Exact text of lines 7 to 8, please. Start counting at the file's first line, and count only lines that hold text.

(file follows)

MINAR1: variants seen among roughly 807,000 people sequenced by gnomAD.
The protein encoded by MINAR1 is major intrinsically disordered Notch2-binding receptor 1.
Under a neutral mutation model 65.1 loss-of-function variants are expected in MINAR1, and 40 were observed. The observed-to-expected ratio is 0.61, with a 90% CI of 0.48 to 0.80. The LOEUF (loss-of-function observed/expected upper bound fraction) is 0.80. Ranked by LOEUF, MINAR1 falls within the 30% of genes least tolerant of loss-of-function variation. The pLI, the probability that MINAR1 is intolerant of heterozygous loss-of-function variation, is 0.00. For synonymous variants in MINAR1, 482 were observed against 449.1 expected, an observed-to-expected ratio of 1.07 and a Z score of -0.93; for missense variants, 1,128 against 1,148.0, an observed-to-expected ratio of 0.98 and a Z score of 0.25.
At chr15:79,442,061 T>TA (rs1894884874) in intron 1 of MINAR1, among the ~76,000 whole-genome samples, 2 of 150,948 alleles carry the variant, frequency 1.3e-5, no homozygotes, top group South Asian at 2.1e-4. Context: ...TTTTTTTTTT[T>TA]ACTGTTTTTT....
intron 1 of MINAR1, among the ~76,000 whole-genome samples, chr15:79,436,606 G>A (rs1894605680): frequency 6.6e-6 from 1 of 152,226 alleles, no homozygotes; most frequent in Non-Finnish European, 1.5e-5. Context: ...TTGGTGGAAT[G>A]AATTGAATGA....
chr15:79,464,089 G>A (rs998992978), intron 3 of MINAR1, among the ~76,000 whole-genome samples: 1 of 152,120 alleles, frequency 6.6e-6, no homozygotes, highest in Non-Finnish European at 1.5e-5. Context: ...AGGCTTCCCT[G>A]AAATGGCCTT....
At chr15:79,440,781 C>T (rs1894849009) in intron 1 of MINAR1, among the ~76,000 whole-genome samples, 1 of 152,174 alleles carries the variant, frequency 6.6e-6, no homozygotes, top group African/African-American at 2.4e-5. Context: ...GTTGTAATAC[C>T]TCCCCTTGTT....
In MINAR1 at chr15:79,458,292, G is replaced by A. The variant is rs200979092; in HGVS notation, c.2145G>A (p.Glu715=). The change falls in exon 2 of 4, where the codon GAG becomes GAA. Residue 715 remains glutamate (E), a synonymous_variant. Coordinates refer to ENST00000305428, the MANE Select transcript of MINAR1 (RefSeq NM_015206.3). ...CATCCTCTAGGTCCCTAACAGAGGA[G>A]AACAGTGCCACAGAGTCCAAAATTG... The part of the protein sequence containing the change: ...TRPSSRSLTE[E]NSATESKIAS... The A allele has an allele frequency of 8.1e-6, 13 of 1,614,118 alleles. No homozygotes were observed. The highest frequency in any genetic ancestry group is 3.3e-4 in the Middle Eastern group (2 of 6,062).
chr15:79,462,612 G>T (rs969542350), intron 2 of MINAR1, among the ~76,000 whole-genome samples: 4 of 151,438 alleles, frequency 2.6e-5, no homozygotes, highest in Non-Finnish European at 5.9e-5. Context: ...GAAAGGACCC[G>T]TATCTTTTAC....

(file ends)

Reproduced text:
At chr15:79,440,781 C>T (rs1894849009) in intron 1 of MINAR1, among the ~76,000 whole-genome samples, 1 of 152,174 alleles carries the variant, frequency 6.6e-6, no homozygotes, top group African/African-American at 2.4e-5. Context: ...GTTGTAATAC[C>T]TCCCCTTGTT....
In MINAR1 at chr15:79,458,292, G is replaced by A. The variant is rs200979092; in HGVS notation, c.2145G>A (p.Glu715=). The change falls in exon 2 of 4, where the codon GAG becomes GAA. Residue 715 remains glutamate (E), a synonymous_variant. Coordinates refer to ENST00000305428, the MANE Select transcript of MINAR1 (RefSeq NM_015206.3). ...CATCCTCTAGGTCCCTAACAGAGGA[G>A]AACAGTGCCACAGAGTCCAAAATTG... The part of the protein sequence containing the change: ...TRPSSRSLTE[E]NSATESKIAS... The A allele has an allele frequency of 8.1e-6, 13 of 1,614,118 alleles. No homozygotes were observed. The highest frequency in any genetic ancestry group is 3.3e-4 in the Middle Eastern group (2 of 6,062).